Chives, Allium schoenoprasum, are a member of the onion family (Alliaceae). Although they are native to Asia and Eastern Europe, by the sixteenth century chives were common plants in herb gardens throughout Europe.
Its grass-like hollow leaves have a mild onion flavor and are widely used fresh in salads and dips. The small puffs of flowers generally begin to bloom in late May or June. These are edible, and can be used in salads as well as in flower arrangements.
While most common chive varieties have pink blossoms, the cultivar ‘Forescate’ has rose red flowers. 'Corsica' and 'albiflorum' have white flowers.
Note - Garlic chives and Chinese chives both have garlic flavor, and belong to a different species, Allium tuberosum. They grow taller (up to 2 feet) than common garden chives, and have white flowers.
Chives thrive in full sun and well drained soil rich in organic matter with a pH of 6.0-7.0 (zones 3 to 9) While they tolerate light shade, 6-8 hours of direct light is best.
The easiest and most successful means of propagating chives is planting rooted clumps in spring, after frost danger has passed. Established plants usually need to be divided every 3-4 years and division is best done in spring.
Space plant clumps 6-12 inches apart. Replant new clumps in soil enriched with organic matter, such as fine compost. Another approach is to just spread the clumps around the landscape in the flower beds, shrub beds, and like that.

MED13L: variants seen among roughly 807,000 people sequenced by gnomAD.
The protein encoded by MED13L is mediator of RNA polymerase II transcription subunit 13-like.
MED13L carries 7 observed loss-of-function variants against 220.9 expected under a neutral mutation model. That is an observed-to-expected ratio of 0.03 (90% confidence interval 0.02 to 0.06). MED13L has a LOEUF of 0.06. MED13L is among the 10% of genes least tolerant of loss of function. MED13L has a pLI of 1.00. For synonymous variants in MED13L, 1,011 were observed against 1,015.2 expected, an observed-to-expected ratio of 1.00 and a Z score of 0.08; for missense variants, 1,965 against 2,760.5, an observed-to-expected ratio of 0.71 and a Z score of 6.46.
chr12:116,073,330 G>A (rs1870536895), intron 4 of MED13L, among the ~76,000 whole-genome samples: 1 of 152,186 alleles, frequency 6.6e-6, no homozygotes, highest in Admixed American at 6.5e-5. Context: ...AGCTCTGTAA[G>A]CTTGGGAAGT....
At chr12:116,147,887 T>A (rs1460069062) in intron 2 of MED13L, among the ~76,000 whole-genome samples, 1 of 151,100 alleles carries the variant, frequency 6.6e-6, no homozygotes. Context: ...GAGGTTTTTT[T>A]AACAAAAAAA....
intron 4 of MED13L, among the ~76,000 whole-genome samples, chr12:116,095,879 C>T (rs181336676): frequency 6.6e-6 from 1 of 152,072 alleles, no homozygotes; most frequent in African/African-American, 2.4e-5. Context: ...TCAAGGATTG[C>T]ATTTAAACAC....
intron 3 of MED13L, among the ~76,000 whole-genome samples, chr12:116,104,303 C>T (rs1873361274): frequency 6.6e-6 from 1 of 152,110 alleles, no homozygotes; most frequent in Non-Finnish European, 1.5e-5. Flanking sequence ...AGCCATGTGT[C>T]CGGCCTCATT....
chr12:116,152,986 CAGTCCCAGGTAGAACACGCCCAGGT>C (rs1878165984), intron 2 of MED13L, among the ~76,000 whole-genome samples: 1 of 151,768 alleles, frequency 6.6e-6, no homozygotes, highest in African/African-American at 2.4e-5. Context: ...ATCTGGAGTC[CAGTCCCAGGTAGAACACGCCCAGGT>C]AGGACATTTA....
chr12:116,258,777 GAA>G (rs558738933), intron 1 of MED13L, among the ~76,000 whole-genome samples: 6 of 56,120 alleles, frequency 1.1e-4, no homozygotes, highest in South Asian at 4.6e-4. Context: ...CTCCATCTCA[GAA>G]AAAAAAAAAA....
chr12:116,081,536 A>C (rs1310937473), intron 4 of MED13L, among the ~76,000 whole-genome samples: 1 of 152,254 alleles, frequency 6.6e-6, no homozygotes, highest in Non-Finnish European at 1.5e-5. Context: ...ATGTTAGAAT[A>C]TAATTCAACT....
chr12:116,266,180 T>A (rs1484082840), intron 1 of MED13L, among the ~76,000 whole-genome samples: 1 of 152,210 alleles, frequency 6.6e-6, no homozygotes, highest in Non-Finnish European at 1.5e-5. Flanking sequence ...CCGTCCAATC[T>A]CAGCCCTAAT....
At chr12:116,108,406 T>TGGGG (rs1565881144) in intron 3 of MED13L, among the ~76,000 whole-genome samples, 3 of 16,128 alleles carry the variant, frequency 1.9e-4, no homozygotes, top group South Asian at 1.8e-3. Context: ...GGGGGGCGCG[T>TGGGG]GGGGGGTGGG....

Mulches - Organic mulches help conserve water, supply extra nutrients, and reduce weeding so it is important to have 2 to 3 inches of mulch around each clump.
Chives can also be started from seed. Chive seed germinate easily, but slowly. Sow seed about 1/2 inch deep in flats containing a peat-based soilless mix. Maintain constant moisture and a soil temperature of 60 to 70 F. It takes 7 to 21 days for germination. In four to six weeks, the young plants can be planted outdoors, preferably after all danger of frost is past. Chives can also be direct seeded outside when the soil is warm, but then few if any leaves should be harvested that first year. Chives seed can be saved for up to three years.
Caring For Chives
Watering - When rain is infrequent, water deeply to make sure the soil does not dry out around the root zone. A light mulch of ground-up leaves, compost, or grass clippings will help retain moisture.
Fertilizing - Over-fertilizing can be detrimental to chives. Like many herbs, slower, more compact growth leads to stronger flavors and healthier plants. A soil rich in organic matter should provide sufficient nutrients.
However, if the plant begins to weaken from continuous harvesting each year, a very light application of a general purpose granular organic fertilizer may be needed once each spring to boost the plant's vigor. Use a liquid fertilizer at one half the label-recommended strength every 4-6 weeks for chive plants grown outdoors in containers or indoors in a sunny window.
Grow Indoors - Chives can be grown easily indoors in a bright, sunny location. Pots must have holes in the bottom for drainage, and soil should be well drained, not heavy. Use a good houseplant potting mix. During winter, when light is poor, the plant will not grow much, and may even die back a bit, but should rally with the return of brighter sun in spring. Do not fertilize during winter.